Yesterday, under the headline “Iran Backs Away From Key Detail in Nuclear Deal;” the New York Times published the latest word-game by David Sanger and Michael Gordon as if it were real news, rather than what former Times editor Max Frankel used to call “a thinly-disguised Q-head.”
There’s a fine line — only Frankel knew exactly where to draw it — between a thinly disguised Q-head, or news analysis, and sheer propaganda.
The Sanger-Gordon piece, by whatever name, was part of a recently intensified media campaign to sabotage the talks in Switzerland between Iran and the P5+1 nations seeking an agreement on what Iran can and cannot do within the nuclear program first given to it by the United States half a century ago.
They “key detail” was Iran’s supposed “agreement” that as part of the deal it would allow most of its stockpile of nuclear fuel to be shipped to Russia to be converted into a form that could not be used for weapons.
The Times based its “backs away” report entirely on a single off-the-cuff remark made by an Iranian negotiator in a briefing of Iranian reporters.
Today — in what might have been (but wasn’t) headlined “Sanger and Gordon back Away from Key Point in Sabotage of Nuclear Deal” — the Times published a sort-of “oops!” The negotiator’s remark was only an “apparent change of position,” Sanger/Gordon wrote.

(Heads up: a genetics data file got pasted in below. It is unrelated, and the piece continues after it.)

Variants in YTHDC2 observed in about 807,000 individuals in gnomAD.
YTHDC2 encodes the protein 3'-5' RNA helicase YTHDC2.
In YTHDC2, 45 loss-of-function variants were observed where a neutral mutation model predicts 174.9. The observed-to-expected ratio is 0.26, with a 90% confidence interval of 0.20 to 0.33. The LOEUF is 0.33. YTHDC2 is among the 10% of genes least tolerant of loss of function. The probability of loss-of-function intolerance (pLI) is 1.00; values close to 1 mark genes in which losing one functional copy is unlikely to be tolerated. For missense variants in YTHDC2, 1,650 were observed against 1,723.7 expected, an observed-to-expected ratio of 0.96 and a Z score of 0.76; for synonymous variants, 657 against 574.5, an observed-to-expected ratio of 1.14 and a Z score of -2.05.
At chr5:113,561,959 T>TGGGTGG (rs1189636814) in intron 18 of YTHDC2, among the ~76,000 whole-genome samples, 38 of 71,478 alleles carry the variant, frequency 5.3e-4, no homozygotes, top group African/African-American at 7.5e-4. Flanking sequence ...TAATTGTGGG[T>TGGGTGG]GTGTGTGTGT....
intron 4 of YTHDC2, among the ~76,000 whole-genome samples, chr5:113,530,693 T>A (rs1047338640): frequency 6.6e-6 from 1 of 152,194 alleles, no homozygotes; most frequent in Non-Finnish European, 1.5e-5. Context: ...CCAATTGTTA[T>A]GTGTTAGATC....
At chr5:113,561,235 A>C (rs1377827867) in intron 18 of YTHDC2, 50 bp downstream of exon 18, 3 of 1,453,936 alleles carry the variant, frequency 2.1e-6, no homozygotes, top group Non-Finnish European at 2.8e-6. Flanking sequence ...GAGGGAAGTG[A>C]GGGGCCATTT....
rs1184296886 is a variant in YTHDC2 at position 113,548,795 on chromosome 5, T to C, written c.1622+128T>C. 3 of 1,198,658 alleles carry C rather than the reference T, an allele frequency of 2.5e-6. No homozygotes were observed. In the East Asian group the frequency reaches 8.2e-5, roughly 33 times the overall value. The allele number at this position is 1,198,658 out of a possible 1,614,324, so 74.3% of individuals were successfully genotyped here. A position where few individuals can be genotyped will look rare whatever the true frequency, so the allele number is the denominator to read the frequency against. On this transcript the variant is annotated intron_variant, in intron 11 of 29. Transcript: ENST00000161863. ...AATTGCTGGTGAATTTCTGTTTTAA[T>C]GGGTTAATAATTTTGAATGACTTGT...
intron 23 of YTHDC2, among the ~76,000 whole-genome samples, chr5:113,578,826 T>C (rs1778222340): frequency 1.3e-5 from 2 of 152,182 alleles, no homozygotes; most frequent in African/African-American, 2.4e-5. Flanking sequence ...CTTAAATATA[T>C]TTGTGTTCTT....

“Contrary to the report in The New York Times,” they wrote, “the issue of how Iran’s stockpile would be disposed of had not yet been decided in the negotiating room, even tentatively,” a senior State Department official said in a statement that was emailed to reporters.
Even though the lede was buried in the seventh paragraph, today’s story amounted to a rare concession to truth by the Times reporters.
Typically, their Sunday story was loaded with hedges, a clumsy effort to disguise its bias: “. . . that could make . . .”; “nonetheless . . .could raise a potential obstacle. . .”; “‘ ‘ ‘ is bound to intensify . . .opposition . . .”; “If . . .particularly if . . .could give . . . if . . .questions about suspected nuclear design. . .; . . .not clear . . .”; “If . . .”; “. . .if . . .”If . . . even if . . .”; “ . . . leaked estimates. . .”.; “ . . . competing estimates could pose. . .”; “. . .could provide fodder. . .”
Oh my. Maybe the sky is falling, Chicken Little!
When the legendary news editor, Ted Bernstein, created an internal Times house organ called Winners and Sinners, it quickly achieved Biblical status, what one Times staffer called “the force of law.” In the late 60s and early 70s, a debate raged over whether Times style should allow direct quotation of some of the most colorful street slang of the era. Resist the temptation, Bernstein ruled; “be a motherfudger.” Thus the act of motherfudging came to be enshrined at The Times with the force of law.
But that law was anchored in the era when journalists used typewriters. Not even Bernstein could have predicted how much motherfudge could be concocted in the computer era by the likes of Sanger and Gordon.